The negative effects of employee turnover don’t begin when a worker slaps down a resignation letter on the boss’ desk. Rather, they’re likely to manifest much earlier, when an employee first begins thinking of leaving.
That’s among findings of a study co-authored by Christopher O.L.H. Porter, a management professor at Indiana University’s Kelley School of Business, in Indianapolis.
The paper, published last week in the Journal of Applied Psychology, also says that by paying attention to certain signs, supervisors can mitigate unproductive behavior among those intending to leave, and perhaps even help organizations reduce turnover.
“It suggests that it’s important that employers try to manage those intentions quite early,” said Porter. “A lot of times employees will give you signals.”
Researchers studied employees at a U.S. retail pharmacy chain and those at a Chinese telecommunications company.
They wanted to find out whether the intention to leave a company could predict certain kinds of behavior at work. Porter and his colleagues looked at two types of “psychological contracts” with employees: relational and transactional.
Relational behavior is what you’d expect from an employee who is loyal and fully engaged with the employer and co-workers and willing to go the extra mile.
But a worker with a transactional relationship would be one who tends to perform job expectations, but not much more. Think of someone who has essentially “checked out” out of his job. Such behavior could include:
- Falsifying expense reports
- Showing up late for work
- Dragging out work to receive overtime
- Taking property from work
- Surfing non-work websites
- Taking drugs or consuming alcohol at work
Such a transactional mindset toward one’s work often is strongest when the employee perceives that the employer bears primary responsibility for his desire to leave. That desire could be triggered by such things as low pay or an abusive supervisor, the study says.
“We believe that turnover intentions affect the strength of employees’ psychological contract orientation, or set of beliefs they hold regarding their relationship with their organizations,” the paper’s authors wrote.
Employees thinking of leaving can manifest either of these, but they often leaned toward transactional behavior when they believed the employer was mostly responsible for their decision to leave.
Porter argues that employers must work to ensure that those who plan to leave engage in positive behaviors. For those with strong intentions to leave, managers need to try to mitigate bad behavior that may result.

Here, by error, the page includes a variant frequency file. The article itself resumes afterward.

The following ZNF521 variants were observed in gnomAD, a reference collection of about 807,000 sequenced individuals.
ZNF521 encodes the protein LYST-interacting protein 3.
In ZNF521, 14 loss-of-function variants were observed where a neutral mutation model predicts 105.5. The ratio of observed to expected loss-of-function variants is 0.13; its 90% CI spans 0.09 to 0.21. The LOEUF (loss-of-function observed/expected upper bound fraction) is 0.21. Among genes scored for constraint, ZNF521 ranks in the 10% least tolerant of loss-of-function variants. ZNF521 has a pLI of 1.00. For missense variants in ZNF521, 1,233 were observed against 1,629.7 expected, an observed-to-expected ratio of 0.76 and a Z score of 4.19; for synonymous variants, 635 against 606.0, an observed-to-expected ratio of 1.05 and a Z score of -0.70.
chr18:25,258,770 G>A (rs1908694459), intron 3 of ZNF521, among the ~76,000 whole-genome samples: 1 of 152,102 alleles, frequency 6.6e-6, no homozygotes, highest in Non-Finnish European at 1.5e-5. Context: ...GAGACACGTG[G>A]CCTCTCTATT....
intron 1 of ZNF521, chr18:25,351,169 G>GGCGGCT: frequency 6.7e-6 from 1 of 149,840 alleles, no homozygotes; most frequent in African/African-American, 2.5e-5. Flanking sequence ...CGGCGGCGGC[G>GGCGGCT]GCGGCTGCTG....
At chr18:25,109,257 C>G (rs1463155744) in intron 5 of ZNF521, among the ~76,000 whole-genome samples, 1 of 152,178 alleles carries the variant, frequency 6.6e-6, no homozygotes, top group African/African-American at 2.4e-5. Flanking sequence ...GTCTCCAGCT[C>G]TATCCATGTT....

“Employers could take turnover intentions more seriously,” said Porter, who teaches leadership and ethics. “You’d be surprised how often or infrequently managers take time to sense the pulse of the organization. Sometimes it’s just a matter of putting an ear to the ground.”
Indianapolis-based leadership training consultant Darryl Warren, president of the D. Gene Alliance affiliate of Crestcom International, said there are three effective defenses for organizations trying to “manage” the negative effects that happen when employees exhibit turnover intentions.
One is to promote an open-door policy for employees to express issues, including discontentment.
“Management are then more likely to be made aware of issues when open communication is not only expected but, encouraged. Once management is aware they can address and resolve problems,” Warren said.
Moreover, he said employers that train and develop their teams regularly have “a built-in, safe forum” for employees to communicate needs and reasons why they may leave. That helps gauge the pulse of an organization. Such a venue needs to be non-threatening for the team, he said.
Finally, there’s the old tenet: if you don’t know, ask.
“Forward-thinking, assertive organizations simply poll employees to uncover internal issues. Feedback is gathered anonymously,” Warren said.
It is “the old suggestion-box concept,” where successfully implemented programs provide an accurate measure of the organizational health of a company. “There is nothing more accurate than direct feedback from employees.”
IU’s Porter said that while employers need to take turnover intentions more seriously, they often only do so after turnover occurs. Although employers often conduct exit interviews, it’s best to investigate attitudes while employees are still embedded in an organization, he explained.
That way, “you can get a sense of whether or not employees are planning to stick around, why or why not, and attempt to do something about it.”
Porter’s paper is titled Examining the Effects of Turnover Intentions on Organizational Citizenship Behaviors and Deviance Behaviors.
Other co-authors are Jessica Siegel Christian, of the University of North Carolina; Aleksander Ellis, of the University of Arizona and lead author Ke Michael Mai, of the National University of Singapore.